Chain rule

Lets explore what Wolfram|Alpha can do with more complicated derivatives.

Function composition is when one function is evaluated by the output of another function. For example, \( f( x+h ) \) can be viewed as a composite function where the outside function is \( f(x) \) and the inside function is \( g(x)=x+h \). Notice \( f(g(x)) = f(x+h) \)

Thats fun and all, but the trick for us will be to go backwards. Can you think of two functions that might be hiding in the expression, \( (x^3-1)^2 \)?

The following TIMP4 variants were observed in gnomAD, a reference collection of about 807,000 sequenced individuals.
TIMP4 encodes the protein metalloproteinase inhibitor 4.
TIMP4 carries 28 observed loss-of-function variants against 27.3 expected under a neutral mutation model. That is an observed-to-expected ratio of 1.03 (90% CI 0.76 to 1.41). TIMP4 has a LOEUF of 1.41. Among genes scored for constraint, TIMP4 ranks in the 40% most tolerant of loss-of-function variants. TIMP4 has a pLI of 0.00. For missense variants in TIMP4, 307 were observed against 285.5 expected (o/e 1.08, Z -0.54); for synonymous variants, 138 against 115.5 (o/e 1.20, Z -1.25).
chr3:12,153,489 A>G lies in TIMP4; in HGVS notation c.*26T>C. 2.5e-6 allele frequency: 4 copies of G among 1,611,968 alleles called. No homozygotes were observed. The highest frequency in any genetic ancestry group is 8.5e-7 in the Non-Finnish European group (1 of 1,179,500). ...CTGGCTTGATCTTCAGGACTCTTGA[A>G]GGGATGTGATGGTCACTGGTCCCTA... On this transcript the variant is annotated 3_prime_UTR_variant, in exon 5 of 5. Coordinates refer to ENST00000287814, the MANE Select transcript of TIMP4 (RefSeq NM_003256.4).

For each function below, find \( a(b) \) and \( b(x) \) so that \( f(x) = a( b(x)) \). Also, this is calculus class so might as well compute each derivative!

1. \( f(x) = (x^2+x+1)^3 \)

\( a(b) \) \( a'(b) \)
\( b(x) \) \( b'(x) \)

2. \( f(x) = \sqrt{ 3x^3 -1 } \)

3. \( f(x) = e^{x^3} \)

4. \( f(x) = \sin(2x^3+x) \)

Compute each \( f'(x) \) above using Wolfram|Alpha. How is each \(f'(x)\) is related to \( a(b), b(x), a'(b), b'(x) \)?